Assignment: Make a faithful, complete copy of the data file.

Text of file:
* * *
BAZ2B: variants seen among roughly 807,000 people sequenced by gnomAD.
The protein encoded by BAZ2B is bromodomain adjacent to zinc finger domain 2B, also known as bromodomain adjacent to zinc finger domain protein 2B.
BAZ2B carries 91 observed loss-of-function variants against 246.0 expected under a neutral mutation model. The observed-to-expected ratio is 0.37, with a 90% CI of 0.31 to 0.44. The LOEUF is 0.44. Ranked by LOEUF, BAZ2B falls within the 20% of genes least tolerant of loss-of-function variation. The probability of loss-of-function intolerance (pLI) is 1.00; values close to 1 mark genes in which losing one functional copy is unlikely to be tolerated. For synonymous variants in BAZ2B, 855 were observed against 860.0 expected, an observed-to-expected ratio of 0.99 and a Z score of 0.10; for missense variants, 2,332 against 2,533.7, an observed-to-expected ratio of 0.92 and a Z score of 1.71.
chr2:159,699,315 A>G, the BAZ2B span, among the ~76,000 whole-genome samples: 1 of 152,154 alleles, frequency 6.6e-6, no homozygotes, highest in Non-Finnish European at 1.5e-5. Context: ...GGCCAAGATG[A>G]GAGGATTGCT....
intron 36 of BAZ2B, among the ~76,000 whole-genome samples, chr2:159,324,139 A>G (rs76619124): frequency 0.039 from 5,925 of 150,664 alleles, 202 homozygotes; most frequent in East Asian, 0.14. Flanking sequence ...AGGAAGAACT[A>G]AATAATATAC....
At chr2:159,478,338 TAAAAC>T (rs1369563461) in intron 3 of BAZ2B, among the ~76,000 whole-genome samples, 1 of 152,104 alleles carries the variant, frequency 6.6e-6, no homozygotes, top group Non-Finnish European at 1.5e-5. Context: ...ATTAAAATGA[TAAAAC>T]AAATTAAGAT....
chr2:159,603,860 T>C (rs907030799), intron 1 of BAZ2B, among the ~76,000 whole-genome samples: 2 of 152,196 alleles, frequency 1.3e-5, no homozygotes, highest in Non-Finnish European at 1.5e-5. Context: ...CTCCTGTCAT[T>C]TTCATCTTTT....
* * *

BAZ2B: variants seen among roughly 807,000 people sequenced by gnomAD.
The protein encoded by BAZ2B is bromodomain adjacent to zinc finger domain 2B, also known as bromodomain adjacent to zinc finger domain protein 2B.
BAZ2B carries 91 observed loss-of-function variants against 246.0 expected under a neutral mutation model. The observed-to-expected ratio is 0.37, with a 90% CI of 0.31 to 0.44. The LOEUF is 0.44. Ranked by LOEUF, BAZ2B falls within the 20% of genes least tolerant of loss-of-function variation. The probability of loss-of-function intolerance (pLI) is 1.00; values close to 1 mark genes in which losing one functional copy is unlikely to be tolerated. For synonymous variants in BAZ2B, 855 were observed against 860.0 expected, an observed-to-expected ratio of 0.99 and a Z score of 0.10; for missense variants, 2,332 against 2,533.7, an observed-to-expected ratio of 0.92 and a Z score of 1.71.
chr2:159,699,315 A>G, the BAZ2B span, among the ~76,000 whole-genome samples: 1 of 152,154 alleles, frequency 6.6e-6, no homozygotes, highest in Non-Finnish European at 1.5e-5. Context: ...GGCCAAGATG[A>G]GAGGATTGCT....
intron 36 of BAZ2B, among the ~76,000 whole-genome samples, chr2:159,324,139 A>G (rs76619124): frequency 0.039 from 5,925 of 150,664 alleles, 202 homozygotes; most frequent in East Asian, 0.14. Flanking sequence ...AGGAAGAACT[A>G]AATAATATAC....
At chr2:159,478,338 TAAAAC>T (rs1369563461) in intron 3 of BAZ2B, among the ~76,000 whole-genome samples, 1 of 152,104 alleles carries the variant, frequency 6.6e-6, no homozygotes, top group Non-Finnish European at 1.5e-5. Context: ...ATTAAAATGA[TAAAAC>T]AAATTAAGAT....
chr2:159,603,860 T>C (rs907030799), intron 1 of BAZ2B, among the ~76,000 whole-genome samples: 2 of 152,196 alleles, frequency 1.3e-5, no homozygotes, highest in Non-Finnish European at 1.5e-5. Context: ...CTCCTGTCAT[T>C]TTCATCTTTT....